Electron Transitions Concepts in Motion FPO Add link to concepts in motion animation from page 148 here. Copyright © McGraw-Hill Education Quantum Theory and the Atom

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**The Limits of Bohr’s Model**

Bohr’s model explained the hydrogen’s spectral lines, but failed to explain any other element’s lines. The behavior of electrons is still not fully understood, but substantial evidence indicates they do not move around the nucleus in circular orbits. Copyright © McGraw-Hill Education Quantum Theory and the Atom

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**The Quantum Mechanical Model of the Atom**

Louis de Broglie (1892–1987) hypothesized that particles, including electrons, could also have wavelike behaviors. The figure illustrates that electrons orbit the nucleus only in whole-number wavelengths. Copyright © McGraw-Hill Education Quantum Theory and the Atom

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**The Quantum Mechanical Model of the Atom**

The de Broglie equation predicts that all moving particles have wave characteristics. Copyright © McGraw-Hill Education Quantum Theory and the Atom

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**The Quantum Mechanical Model of the Atom**

Heisenberg showed it is impossible to take any measurement of an object without disturbing it. The Heisenberg uncertainty principle states that it is fundamentally impossible to know precisely both the velocity and position of a particle at the same time. The only quantity that can be known is the probability for an electron to occupy a certain region around the nucleus. Copyright © McGraw-Hill Education Quantum Theory and the Atom

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**The Quantum Mechanical Model of the Atom**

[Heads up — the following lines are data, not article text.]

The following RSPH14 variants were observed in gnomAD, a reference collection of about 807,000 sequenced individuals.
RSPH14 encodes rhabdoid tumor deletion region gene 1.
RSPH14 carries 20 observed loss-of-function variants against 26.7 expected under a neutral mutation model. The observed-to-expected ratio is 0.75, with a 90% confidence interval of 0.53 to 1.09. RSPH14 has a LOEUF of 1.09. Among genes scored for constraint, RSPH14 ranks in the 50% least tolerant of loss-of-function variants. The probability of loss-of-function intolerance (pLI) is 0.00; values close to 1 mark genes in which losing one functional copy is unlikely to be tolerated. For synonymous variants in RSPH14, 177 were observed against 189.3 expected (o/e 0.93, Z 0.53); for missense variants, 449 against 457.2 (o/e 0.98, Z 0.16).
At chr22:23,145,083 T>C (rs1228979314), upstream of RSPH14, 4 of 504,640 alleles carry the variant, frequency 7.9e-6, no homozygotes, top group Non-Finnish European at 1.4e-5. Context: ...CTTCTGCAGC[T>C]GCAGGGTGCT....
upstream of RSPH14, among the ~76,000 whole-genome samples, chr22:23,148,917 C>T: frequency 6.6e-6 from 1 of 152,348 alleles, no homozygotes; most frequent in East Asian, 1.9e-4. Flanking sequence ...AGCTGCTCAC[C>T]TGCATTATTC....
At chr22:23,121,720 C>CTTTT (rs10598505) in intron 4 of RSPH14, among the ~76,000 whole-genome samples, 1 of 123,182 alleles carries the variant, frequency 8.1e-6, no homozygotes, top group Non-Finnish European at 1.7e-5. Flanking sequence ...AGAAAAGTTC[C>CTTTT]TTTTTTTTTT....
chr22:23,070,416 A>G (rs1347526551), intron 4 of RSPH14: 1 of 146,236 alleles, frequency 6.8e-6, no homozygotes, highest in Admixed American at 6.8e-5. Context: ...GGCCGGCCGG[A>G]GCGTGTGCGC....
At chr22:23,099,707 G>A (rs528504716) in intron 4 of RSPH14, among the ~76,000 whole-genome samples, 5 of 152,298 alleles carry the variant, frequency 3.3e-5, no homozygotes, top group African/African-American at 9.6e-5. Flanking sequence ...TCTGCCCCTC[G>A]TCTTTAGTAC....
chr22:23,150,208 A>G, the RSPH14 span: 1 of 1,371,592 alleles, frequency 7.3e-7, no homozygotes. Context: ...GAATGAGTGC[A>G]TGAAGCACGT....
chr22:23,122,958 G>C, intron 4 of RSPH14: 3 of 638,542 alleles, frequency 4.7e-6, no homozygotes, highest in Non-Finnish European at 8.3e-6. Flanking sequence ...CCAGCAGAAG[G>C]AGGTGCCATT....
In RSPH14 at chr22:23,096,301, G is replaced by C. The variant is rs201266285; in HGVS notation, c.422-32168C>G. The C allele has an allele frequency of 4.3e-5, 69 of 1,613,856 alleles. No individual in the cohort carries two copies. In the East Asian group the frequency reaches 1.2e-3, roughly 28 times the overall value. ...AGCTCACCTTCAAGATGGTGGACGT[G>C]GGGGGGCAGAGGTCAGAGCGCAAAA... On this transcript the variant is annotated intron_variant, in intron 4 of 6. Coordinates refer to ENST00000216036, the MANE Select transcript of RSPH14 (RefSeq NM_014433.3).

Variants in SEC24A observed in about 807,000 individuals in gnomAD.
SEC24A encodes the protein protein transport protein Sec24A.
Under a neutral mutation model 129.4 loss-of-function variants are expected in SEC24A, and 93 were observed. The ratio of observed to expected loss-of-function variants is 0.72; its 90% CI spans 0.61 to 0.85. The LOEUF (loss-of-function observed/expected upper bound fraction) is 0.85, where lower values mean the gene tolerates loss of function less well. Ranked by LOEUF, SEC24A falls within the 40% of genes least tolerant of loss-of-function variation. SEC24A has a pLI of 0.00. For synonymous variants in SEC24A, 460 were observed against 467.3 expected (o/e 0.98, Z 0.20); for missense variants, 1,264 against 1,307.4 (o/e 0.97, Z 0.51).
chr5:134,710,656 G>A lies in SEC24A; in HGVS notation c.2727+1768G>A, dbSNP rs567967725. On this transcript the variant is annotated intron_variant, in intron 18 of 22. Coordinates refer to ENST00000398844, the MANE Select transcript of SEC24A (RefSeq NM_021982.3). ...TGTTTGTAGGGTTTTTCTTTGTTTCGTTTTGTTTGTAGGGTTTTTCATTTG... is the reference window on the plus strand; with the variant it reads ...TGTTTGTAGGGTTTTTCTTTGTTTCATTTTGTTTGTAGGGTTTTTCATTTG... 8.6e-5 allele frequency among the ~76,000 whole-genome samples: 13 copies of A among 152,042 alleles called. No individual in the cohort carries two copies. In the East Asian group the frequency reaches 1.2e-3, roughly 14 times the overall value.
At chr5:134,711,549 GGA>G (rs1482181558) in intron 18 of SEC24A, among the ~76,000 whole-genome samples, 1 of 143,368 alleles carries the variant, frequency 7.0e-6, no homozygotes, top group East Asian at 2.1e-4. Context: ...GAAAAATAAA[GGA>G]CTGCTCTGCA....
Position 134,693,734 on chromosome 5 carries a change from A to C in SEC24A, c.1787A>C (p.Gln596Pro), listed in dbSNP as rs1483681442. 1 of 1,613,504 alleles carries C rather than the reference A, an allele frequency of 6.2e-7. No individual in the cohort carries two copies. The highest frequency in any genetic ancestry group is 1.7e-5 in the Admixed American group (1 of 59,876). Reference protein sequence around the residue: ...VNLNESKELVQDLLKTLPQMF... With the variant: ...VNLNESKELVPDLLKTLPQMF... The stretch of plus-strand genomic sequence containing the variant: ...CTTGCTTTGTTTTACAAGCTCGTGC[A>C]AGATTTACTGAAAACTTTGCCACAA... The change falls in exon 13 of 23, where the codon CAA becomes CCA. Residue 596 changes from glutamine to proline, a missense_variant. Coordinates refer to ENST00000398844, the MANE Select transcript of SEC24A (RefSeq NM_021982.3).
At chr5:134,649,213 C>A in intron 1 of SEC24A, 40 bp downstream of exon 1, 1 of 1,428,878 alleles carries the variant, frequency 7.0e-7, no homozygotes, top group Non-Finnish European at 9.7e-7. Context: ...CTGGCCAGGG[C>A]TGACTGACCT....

Schrödinger treated electrons as waves in a model called the quantum mechanical model of the atom. Schrödinger’s equation applied equally well to elements other than hydrogen. The wave function predicts a three-dimensional region around the nucleus called the atomic orbital. Copyright © McGraw-Hill Education Quantum Theory and the Atom

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**Hydrogen Atomic Orbitals**

Principal quantum number (n) indicates the relative size and energy of atomic orbitals. n specifies the atom’s major energy levels, called the principal energy levels. Energy sublevels are contained within the principal energy levels. Copyright © McGraw-Hill Education Quantum Theory and the Atom

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**Add link to video from page 153 here.**

Fireworks Concepts in Motion FPO Add link to video from page 153 here. Copyright © McGraw-Hill Education Quantum Theory and the Atom

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**Hydrogen Atomic Orbitals**

Each energy sublevel relates to orbitals of different shape. Copyright © McGraw-Hill Education Quantum Theory and the Atom

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**Hydrogen Atomic Orbitals**

Copyright © McGraw-Hill Education Quantum Theory and the Atom

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**Review Essential Questions Vocabulary**

How do the Bohr and quantum mechanical models of the atom compare? What is the impact of de Broglie’s wave-particle duality and the Heisenberg uncertainty principle on the current view of electrons in atoms? Vocabulary ground state quantum number de Broglie equation Heisenberg uncertainty principle quantum mechanical model of the atom atomic orbital principal quantum number principal energy level energy sublevel Copyright © McGraw-Hill Education Quantum Theory and the Atom